Hurry jump on your Vespa and let's start my dream tour of Rome. Nowhere else can such a unique combination of history, religion, art, and culture be found. We'll see ancient ruins, religious landmarks, famed museums, and remarkable public squares – not to mention eat some wonderful food. So hold onto your scarves and fanny packs and let's get this show on the road!
The Pantheon - is one of Italy’s most beautiful and stunning buildings and has stood for nearly 2,000 years. Admission is free and is open during daylight hours. Built around 120 A.D., the Pantheon is the best preserved of all ancient Roman buildings. Originally dedicated to the major Roman gods by the emperor Hadrian, this building was consecrated (and thus saved) as a church in the 600s.
The Collosseum - one of the world’s most famous structures and the gem of Italy. Tickets are €8.00; hours are 9:00 a.m. to 7:30 p.m. (4:30 p.m. during winter). The Colosseum is located near the ancient center of Rome, and although not as well preserved as the Pantheon, is still a marvel to behold. Commissioned by the emperor Vespasian in the 70s A.D., the Colosseum was originally used as a sports complex where gladiators fought. When Constantine took over Rome and began to Christianize the empire in the 600s, he outlawed all forms of gladiator games and blood sport. Following this time, the Colosseum was abandoned and stripped of many of its treasure.
Over two thousand years of Roman and Christian history are represented and found in the history of St. Peter’s. History tells us that St. Peter (one of the original twelve disciples and founder of the Church) was crucified around 65 A.D. in Nero’s Circus. It is said that he was buried nearby in a small cemetery on Vatican Hill. This spot is thought to lie directly below the current dome of St. Peter’s and is marked by a magnificent baldacchino. The Vatican is the home of the papal seat and the center of the Catholic Church. Artistic masterpieces and architectural design by such greats as Michelangelo, Bramante, Bernini, and Maderno grace its halls.
The Roman Forum and Palantine Hill
Unlike the Pantheon and the Colosseum, the Roman Forum, Imperial Forums, and Palantine Hill are ruins. They no longer exist in the original magnificence. Still the ruins leave behind important clues about what once was and with a little imagination, you can picture yourself walking amongst Rome’s ancient rulers and elite. The Roman Forum is the most famous of the Roman ruins and is a must see sight in Rome. The Palantine Hill also includes many famous ruins but is not as fully excavated or as popular – it is a great quiet place of a picnic and wander at will amidst the ruins.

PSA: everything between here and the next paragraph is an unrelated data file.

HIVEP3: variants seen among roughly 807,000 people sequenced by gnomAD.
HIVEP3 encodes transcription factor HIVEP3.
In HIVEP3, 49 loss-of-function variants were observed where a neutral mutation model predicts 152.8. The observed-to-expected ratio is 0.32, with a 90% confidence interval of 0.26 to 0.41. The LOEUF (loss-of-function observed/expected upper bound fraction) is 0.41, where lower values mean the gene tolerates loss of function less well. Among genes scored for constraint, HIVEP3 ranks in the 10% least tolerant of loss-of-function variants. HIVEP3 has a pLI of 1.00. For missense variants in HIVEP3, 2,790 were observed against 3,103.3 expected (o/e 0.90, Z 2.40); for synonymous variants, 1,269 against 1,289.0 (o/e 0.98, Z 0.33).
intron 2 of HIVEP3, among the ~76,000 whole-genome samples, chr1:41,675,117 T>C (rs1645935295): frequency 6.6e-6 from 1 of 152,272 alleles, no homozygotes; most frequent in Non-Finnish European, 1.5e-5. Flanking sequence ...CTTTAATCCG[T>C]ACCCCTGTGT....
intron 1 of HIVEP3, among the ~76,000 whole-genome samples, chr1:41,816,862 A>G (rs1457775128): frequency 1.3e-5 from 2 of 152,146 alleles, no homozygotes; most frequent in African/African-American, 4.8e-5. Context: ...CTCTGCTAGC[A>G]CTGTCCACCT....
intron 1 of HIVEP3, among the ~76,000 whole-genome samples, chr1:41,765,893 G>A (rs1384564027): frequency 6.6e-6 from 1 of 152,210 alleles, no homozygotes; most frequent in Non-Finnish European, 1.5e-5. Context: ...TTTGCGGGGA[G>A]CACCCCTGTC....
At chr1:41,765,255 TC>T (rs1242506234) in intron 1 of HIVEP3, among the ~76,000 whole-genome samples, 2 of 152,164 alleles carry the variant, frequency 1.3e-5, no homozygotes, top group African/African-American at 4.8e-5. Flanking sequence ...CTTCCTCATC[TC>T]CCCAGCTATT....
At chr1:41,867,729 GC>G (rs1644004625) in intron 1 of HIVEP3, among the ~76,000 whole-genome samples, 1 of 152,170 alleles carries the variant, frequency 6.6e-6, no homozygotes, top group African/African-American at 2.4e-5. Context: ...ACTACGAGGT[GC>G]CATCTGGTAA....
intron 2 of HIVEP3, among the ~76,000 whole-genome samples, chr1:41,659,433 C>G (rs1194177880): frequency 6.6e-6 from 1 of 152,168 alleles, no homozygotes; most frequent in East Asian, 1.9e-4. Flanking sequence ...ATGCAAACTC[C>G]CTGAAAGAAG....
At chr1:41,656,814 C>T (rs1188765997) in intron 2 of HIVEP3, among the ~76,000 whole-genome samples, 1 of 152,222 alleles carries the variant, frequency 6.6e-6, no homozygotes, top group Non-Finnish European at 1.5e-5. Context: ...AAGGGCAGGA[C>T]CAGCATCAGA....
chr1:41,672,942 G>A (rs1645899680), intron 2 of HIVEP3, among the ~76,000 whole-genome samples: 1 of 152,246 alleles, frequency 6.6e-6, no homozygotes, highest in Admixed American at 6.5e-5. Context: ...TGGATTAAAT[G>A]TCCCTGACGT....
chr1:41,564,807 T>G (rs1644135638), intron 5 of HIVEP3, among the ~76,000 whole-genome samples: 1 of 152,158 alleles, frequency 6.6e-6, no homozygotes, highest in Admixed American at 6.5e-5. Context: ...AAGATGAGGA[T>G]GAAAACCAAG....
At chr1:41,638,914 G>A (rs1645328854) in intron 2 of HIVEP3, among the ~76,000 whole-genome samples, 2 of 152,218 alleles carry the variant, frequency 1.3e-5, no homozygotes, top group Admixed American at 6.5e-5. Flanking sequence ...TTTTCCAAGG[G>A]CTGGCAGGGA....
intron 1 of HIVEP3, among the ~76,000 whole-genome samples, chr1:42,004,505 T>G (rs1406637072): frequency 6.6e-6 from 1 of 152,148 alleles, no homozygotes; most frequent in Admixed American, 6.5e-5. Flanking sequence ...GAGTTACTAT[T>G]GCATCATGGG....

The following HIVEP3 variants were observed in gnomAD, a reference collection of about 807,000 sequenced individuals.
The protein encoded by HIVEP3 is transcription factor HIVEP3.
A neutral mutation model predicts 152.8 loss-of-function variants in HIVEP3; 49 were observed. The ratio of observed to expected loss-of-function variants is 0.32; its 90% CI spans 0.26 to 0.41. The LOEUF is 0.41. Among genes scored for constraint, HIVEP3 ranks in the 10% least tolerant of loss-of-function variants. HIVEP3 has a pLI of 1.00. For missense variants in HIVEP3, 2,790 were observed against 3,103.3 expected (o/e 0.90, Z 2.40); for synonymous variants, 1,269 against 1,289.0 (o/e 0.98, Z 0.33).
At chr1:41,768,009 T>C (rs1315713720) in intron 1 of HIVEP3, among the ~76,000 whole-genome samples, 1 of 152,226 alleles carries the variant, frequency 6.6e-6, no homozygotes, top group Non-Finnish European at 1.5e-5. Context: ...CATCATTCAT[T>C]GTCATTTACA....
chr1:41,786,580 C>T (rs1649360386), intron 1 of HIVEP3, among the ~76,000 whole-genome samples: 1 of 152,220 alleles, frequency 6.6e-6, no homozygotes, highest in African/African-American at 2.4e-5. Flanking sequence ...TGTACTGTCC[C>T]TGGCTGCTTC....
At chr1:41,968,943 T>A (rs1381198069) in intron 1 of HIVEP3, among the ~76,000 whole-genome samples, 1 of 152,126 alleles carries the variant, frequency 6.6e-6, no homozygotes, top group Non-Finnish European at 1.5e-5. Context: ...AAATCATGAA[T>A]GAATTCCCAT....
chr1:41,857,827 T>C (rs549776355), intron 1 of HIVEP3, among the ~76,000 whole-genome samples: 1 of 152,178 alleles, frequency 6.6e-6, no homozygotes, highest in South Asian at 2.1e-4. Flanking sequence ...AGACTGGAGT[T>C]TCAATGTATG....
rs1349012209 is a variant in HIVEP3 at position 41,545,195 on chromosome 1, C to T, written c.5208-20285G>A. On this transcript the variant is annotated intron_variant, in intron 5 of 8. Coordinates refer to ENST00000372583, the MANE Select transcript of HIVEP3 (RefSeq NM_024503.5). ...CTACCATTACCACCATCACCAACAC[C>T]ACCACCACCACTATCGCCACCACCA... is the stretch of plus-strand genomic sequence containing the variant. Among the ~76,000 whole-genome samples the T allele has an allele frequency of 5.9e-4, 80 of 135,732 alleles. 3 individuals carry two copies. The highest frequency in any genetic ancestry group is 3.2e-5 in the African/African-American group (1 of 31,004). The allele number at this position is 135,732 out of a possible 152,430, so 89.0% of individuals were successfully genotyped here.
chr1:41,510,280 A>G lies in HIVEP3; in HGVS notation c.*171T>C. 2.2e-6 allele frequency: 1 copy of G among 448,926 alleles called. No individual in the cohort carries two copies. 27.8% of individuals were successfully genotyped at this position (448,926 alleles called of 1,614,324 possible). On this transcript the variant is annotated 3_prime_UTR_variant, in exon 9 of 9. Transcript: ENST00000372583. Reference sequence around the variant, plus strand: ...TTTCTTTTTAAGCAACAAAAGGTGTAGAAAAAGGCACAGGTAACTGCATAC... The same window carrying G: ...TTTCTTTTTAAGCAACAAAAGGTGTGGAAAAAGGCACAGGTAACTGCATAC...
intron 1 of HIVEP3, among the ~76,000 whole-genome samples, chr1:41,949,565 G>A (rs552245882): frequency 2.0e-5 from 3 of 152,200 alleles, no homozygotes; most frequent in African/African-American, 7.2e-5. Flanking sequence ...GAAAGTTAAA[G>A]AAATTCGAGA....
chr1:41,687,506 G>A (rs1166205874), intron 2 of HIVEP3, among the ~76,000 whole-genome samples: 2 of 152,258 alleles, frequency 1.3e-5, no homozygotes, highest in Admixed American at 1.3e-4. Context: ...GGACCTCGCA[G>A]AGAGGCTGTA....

In San Clemente, you can truly see the different layers of Roman history. First you enter into a medieval church built in the 1100s and decorated with frescoes that date from the 15th -18th centuries. The current church is beautiful – but what is even more wonderful is what lies beneath it – three older structures, each taking you further back in time! Find the staircase in the back right corner of the sacristy and descend into the ruins of a fourth century Christian church. Even more remarkable, descend further to find the ruins of two ancient Roman structures – one an ancient house with three rooms dedicated to the worship of the Persian god Mithras, the other an ancient warehouse.
The Piazza Navona sits upon the ruins of the ancient Circus Domitianus. The present day piazza is ovular in shape and owes its shape to the ancient race track that once occupied the space. The Piazza is marked by three beautiful fountains, the most famous being the center fountain by the great Bernini. The center of the fountain is marked by a tall Egyptian obelisk and surrounding it are four figures representing the great rivers of the world. Another famous landmark in the piazza is the church of Saint Agnese. The facade of St. Agnese was designed by Borromini. Legend says that Bernini designed one of his figures in the fountain (the one covering its face) as a reflection of his thoughts on Borromini’s design – the two were great artistic rivals.
Trevi Fountain is a large sculptural fountain in the Baroque style. The fountain is famous for the legend that if you throw a coin into the fountain you are sure to return to the Eternal City. The fountain has been used as a backdrop in movies such as Roman Holiday and Three Coins in the Fountain.
Italy and its museums are home to some of the most renowned statues in the world. The Capitoline Museums are open from 9:00 a.m. to 8:00 p.m. (closed Mondays); tickets cost €6.20. The museum contains many ancient sculptures from Rome, Greece and Egyptian, such as the fragments of a giant colossal statute displayed in the museum’s courtyard. It also contains a picture gallery.
Vatican Museums and the Sistine Chapel
The Vatican Museums are vast and contain many treasures collected over thousands of years. The Vatican Museums are located in the papal palace and the most famous room inside the museum is the Sistine Chapel. As many know, the ceiling of the Sistine Chapel contains Michelangelo’s most famous fresco painting.
After all of our sightseeing I hope you won't be too tired for some grape stomping and wine tasting. Dash over to Muse Swings and The Birdbath Chronicles and you won't miss a thing. See you later!